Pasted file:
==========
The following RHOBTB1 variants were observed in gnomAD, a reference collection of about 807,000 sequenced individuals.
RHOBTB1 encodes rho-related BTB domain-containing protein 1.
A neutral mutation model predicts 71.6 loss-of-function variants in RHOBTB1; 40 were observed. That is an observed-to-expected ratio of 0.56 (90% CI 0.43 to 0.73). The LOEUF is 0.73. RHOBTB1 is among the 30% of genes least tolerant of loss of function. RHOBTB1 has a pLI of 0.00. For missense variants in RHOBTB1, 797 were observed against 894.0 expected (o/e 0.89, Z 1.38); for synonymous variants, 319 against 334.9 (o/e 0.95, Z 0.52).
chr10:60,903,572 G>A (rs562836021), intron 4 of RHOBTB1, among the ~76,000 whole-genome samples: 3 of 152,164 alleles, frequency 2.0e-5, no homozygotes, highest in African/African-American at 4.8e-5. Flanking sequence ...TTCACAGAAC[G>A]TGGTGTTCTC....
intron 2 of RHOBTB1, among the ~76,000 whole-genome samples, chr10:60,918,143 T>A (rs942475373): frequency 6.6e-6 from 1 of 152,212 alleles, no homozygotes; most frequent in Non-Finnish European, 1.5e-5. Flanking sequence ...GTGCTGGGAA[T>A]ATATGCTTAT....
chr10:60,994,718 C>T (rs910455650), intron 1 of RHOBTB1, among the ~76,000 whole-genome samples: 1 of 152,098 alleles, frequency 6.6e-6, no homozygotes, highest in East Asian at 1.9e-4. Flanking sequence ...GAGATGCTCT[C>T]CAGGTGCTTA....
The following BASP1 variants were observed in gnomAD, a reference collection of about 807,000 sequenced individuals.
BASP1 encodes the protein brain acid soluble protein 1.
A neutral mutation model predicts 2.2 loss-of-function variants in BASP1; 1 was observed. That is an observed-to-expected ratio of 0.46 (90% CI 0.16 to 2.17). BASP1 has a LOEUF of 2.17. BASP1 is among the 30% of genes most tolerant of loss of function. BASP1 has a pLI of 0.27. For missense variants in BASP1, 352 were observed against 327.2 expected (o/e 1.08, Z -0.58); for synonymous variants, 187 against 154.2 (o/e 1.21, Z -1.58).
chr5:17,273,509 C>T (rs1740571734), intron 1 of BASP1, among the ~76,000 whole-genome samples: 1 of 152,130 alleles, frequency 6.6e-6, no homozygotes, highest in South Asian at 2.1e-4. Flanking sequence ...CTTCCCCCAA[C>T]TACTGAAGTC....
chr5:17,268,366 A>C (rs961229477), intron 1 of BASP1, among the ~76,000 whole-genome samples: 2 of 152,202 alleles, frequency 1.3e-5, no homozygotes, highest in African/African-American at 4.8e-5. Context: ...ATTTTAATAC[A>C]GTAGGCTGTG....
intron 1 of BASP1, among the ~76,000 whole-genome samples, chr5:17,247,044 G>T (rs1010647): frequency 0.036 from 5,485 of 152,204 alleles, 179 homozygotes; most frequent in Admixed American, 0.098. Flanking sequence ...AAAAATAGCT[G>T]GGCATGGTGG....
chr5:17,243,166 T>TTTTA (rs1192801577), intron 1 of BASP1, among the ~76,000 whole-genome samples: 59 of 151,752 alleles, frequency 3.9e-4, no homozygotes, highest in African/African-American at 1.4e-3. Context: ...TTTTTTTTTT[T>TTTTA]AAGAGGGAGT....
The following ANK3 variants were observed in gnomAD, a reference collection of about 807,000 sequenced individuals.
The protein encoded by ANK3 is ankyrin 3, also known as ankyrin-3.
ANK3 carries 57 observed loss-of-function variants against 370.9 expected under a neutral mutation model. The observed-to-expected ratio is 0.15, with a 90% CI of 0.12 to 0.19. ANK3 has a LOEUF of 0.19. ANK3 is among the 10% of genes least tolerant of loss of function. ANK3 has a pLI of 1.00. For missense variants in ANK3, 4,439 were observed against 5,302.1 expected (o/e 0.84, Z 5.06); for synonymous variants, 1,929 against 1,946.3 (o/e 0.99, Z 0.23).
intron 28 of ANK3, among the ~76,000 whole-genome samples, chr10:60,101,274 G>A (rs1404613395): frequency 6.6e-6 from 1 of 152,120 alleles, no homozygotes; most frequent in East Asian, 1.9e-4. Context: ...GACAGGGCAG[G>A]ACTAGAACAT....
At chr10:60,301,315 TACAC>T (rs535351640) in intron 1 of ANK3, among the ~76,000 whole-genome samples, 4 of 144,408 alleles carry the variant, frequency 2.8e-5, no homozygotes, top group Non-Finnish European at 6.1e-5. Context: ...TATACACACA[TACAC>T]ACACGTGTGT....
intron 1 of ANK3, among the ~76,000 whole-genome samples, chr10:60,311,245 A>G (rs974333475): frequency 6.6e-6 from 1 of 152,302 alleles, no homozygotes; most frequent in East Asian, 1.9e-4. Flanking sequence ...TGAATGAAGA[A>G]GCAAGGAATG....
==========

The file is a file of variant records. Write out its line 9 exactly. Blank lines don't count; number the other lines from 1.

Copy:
A neutral mutation model predicts 2.2 loss-of-function variants in BASP1; 1 was observed. That is an observed-to-expected ratio of 0.46 (90% CI 0.16 to 2.17). BASP1 has a LOEUF of 2.17. BASP1 is among the 30% of genes most tolerant of loss of function. BASP1 has a pLI of 0.27. For missense variants in BASP1, 352 were observed against 327.2 expected (o/e 1.08, Z -0.58); for synonymous variants, 187 against 154.2 (o/e 1.21, Z -1.58).